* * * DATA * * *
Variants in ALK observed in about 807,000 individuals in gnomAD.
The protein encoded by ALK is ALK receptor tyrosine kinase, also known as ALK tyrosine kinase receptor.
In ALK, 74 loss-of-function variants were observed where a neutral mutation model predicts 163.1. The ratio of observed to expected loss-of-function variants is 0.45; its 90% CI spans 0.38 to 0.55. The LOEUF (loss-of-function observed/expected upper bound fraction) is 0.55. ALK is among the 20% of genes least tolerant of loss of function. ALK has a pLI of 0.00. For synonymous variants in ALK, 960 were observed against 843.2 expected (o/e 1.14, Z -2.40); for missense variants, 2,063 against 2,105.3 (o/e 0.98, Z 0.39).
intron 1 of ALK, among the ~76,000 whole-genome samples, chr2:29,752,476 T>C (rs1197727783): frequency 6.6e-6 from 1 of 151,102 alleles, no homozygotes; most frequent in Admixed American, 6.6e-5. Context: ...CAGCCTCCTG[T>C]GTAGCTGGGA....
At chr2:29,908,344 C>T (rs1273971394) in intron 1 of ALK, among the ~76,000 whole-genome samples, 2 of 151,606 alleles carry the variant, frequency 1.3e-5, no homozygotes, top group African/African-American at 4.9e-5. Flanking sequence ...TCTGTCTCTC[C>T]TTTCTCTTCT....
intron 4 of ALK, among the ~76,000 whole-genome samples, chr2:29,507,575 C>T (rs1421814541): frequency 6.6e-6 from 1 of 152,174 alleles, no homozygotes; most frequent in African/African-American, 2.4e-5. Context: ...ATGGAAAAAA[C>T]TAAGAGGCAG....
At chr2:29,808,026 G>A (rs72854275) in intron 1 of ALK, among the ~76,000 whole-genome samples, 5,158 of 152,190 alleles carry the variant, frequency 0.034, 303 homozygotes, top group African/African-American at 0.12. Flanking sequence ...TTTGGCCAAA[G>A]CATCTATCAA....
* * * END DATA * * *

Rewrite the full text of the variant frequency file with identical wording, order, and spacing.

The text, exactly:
Variants in ALK observed in about 807,000 individuals in gnomAD.
The protein encoded by ALK is ALK receptor tyrosine kinase, also known as ALK tyrosine kinase receptor.
In ALK, 74 loss-of-function variants were observed where a neutral mutation model predicts 163.1. The ratio of observed to expected loss-of-function variants is 0.45; its 90% CI spans 0.38 to 0.55. The LOEUF (loss-of-function observed/expected upper bound fraction) is 0.55. ALK is among the 20% of genes least tolerant of loss of function. ALK has a pLI of 0.00. For synonymous variants in ALK, 960 were observed against 843.2 expected (o/e 1.14, Z -2.40); for missense variants, 2,063 against 2,105.3 (o/e 0.98, Z 0.39).
intron 1 of ALK, among the ~76,000 whole-genome samples, chr2:29,752,476 T>C (rs1197727783): frequency 6.6e-6 from 1 of 151,102 alleles, no homozygotes; most frequent in Admixed American, 6.6e-5. Context: ...CAGCCTCCTG[T>C]GTAGCTGGGA....
At chr2:29,908,344 C>T (rs1273971394) in intron 1 of ALK, among the ~76,000 whole-genome samples, 2 of 151,606 alleles carry the variant, frequency 1.3e-5, no homozygotes, top group African/African-American at 4.9e-5. Flanking sequence ...TCTGTCTCTC[C>T]TTTCTCTTCT....
intron 4 of ALK, among the ~76,000 whole-genome samples, chr2:29,507,575 C>T (rs1421814541): frequency 6.6e-6 from 1 of 152,174 alleles, no homozygotes; most frequent in African/African-American, 2.4e-5. Context: ...ATGGAAAAAA[C>T]TAAGAGGCAG....
At chr2:29,808,026 G>A (rs72854275) in intron 1 of ALK, among the ~76,000 whole-genome samples, 5,158 of 152,190 alleles carry the variant, frequency 0.034, 303 homozygotes, top group African/African-American at 0.12. Flanking sequence ...TTTGGCCAAA[G>A]CATCTATCAA....